May 18, 2021/ Paris, France

Reviving the JCPOA : What is at Stake for International Peace and Security? ​

Lord David Hannay

Member of the House of Lords, former UK Ambassador and Permanent Representative to the United Nations, member of the Top-Level Group for Nuclear Disarmament and Non-Proliferation and a member of the Lords International Relations Committee.

The survival of the Iran nuclear deal, also known as the JCPOA, has hung by a thread since the Trump administration in 2017 unilaterally walked out of its commitment under the deal and opted instead for a policy of “maximum pressure” on Iran. Meanwhile that thread has grown ever thinner and more tenuous as a result of Iran rolling back many of the constraints on its nuclear programme contained in the deal ; and as the E3’s ( France, Germany and the U.K. ) efforts to provide sanctions relief, provided for under the deal, have proved ineffective in the face of the cat’s cradle of US secondary sanctions.

One thing that can be said with a degree of certainty is that the Trump policy of “ maximum pressure has neither worked in terms of its proclaimed objective of bringing Iran back to the negotiating table to accept tougher terms than those in the JCPOA ; nor in terms of its unproclaimed, but barely concealed objective of bringing about regime change in Iran.

Since January of this year, however, that thread has strengthened somewhat as the Biden administration has set about re-joining the JCPOA without any additional conditions other than that Iran roll back its departures from the original deal. And Iran has, in principle, expressed a willingness to contemplate that. But delicate issues of choreography and sequencing remain to be resolved and are under negotiation in Vienna. It would be singularly unwise to exaggerate the strengthening of the thread, or to assume that, because the two sides seem to agree on their overall approaches, an agreed outcome is a sure thing.

Let us look now at the two, broad possible outcomes, the success or the failure of those Vienna talks. Diplomacy, like politics, is a question of making hard choices, none of them offering ideal outcomes and all of them requiring compromise if they are to work. It is as well from the outset to have a hard-headed view of the likely consequences of either outcome.

First, failure. It has to be assumed that Iran would continue to creep closer to having weapons grade nuclear material, indeed very possibly accelerating that progress and, as its Majles has called for, cutting off the International Atomic Energy Agency’s indispensable inspection processes. This would bring all those who have said that Iran must not, under any circumstances, be permitted to have a weapons capability, most particularly Israel and the US, up against a quandary. Would their response extend to military action? To assume it would not would be a foolhardy assumption. As would be any underestimation of the negative consequences of another war in a region already beset by too many of them and that with the largest and most populous country in the region.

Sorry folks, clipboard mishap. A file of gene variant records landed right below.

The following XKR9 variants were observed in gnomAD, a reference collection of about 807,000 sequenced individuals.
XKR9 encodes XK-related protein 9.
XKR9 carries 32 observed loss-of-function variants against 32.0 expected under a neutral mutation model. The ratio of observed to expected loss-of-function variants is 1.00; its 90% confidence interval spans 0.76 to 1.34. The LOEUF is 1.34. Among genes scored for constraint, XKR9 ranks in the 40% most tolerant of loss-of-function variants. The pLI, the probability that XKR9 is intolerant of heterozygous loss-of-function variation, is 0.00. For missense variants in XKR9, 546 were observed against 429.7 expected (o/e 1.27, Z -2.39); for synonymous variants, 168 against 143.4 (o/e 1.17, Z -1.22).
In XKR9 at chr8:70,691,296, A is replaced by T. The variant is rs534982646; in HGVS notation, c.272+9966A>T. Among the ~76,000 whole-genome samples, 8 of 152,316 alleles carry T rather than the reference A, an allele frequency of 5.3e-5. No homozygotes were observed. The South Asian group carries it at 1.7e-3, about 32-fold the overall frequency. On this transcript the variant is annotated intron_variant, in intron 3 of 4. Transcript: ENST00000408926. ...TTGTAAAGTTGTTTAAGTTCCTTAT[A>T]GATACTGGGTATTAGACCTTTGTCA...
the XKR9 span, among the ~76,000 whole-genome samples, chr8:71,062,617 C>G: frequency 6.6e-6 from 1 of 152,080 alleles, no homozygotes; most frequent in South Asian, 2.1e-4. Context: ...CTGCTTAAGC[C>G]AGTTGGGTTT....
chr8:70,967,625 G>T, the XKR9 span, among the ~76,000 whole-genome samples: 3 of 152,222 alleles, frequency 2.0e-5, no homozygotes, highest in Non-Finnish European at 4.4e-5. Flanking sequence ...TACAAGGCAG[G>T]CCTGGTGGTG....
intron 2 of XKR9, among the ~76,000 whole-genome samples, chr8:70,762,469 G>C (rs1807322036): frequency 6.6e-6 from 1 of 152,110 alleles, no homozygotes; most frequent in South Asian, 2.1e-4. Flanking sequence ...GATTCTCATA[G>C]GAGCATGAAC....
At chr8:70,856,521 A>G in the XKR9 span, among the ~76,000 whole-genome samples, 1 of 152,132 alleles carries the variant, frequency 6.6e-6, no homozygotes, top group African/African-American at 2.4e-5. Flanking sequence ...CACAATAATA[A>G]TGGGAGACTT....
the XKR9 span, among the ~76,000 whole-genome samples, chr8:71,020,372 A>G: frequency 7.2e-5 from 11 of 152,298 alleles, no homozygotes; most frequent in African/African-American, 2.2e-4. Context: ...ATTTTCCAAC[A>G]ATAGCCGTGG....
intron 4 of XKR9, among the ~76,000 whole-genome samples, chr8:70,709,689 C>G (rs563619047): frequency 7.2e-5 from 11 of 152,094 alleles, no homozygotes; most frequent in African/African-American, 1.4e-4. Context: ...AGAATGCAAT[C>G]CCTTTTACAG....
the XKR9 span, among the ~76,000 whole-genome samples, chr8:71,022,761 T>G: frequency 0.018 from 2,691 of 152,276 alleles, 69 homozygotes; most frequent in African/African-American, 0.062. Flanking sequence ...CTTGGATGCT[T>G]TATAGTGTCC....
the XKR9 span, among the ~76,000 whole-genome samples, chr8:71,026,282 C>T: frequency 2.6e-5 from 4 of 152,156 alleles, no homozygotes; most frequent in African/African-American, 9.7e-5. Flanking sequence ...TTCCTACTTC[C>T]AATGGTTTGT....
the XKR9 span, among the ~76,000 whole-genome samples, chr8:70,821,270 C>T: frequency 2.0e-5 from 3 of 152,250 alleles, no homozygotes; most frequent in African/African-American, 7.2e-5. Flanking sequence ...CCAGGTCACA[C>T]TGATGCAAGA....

Nor would the costs of failure stop there. The risks of other countries in the region reacting by seeking nuclear weapons for themselves, either by purchase, say by Saudi Arabia from Pakistan, or by development, would be high, potentially triggering off a nuclear arms race in a singularly volatile region.

And the risk too that Iran’s break-out from the disciplines of the Nuclear Non-Proliferation Treaty would signal the effective demise of what has been described, correctly in my view, as a cornerstone of international peace and security, would be real. The alternative, success in reviving the JCPOA. Well that certainly would not be a bed of roses. Iran’s developing ballistic missile capability is a threat to its neighbors. And its involvement in a whole string of proxy wars - in Yemen, in Syria, in Lebanon and Gaza - is a major disruptive and destabilizing factor throughout the Middle East. But all these challenges would be considerably easier to address if a nuclear break-out by Iran had been rolled back to where it would have been if there had been full compliance with the JCPOA as it was negotiated. It would be a shot in the arm for the UN’s peace-making efforts in Yemen. It could help to create the conditions for a reduction of tensions in and around Syria. And particularly if there is a changing of the guard in both Israel and the Palestinian Authority, it could lead to the resumption of efforts to bring about a two-state solution. A lot of “ifs“ there you will say. Indeed. But not one of those desirable developments would be made more difficult by reviving the JCPOA; and every one of them would be made harder to achieve, if not impossible, should reviving the JCPOA fail.

In the medium to long term, the objective all countries, both those in the region and those outside it with interests there, should be encouraged to pursue is to negotiate some multilateral structures committing all concerned to non-interference , peaceful co-existence and economic cooperation. Such a framework is not compatible with an Iran possessing nuclear weapons or the capacity to deploy them at short notice.

So a lot is riding on those talks going on in Vienna. And we should not be distracted by speculation about the results of Iran’s presidential election in June and the likelihood of a hard liner winning that contest. The reality is that the final decision on the Iranian side will be taken by Ayatollah Khamenei; and that it will need the support of all parts of the complex political scene in that country.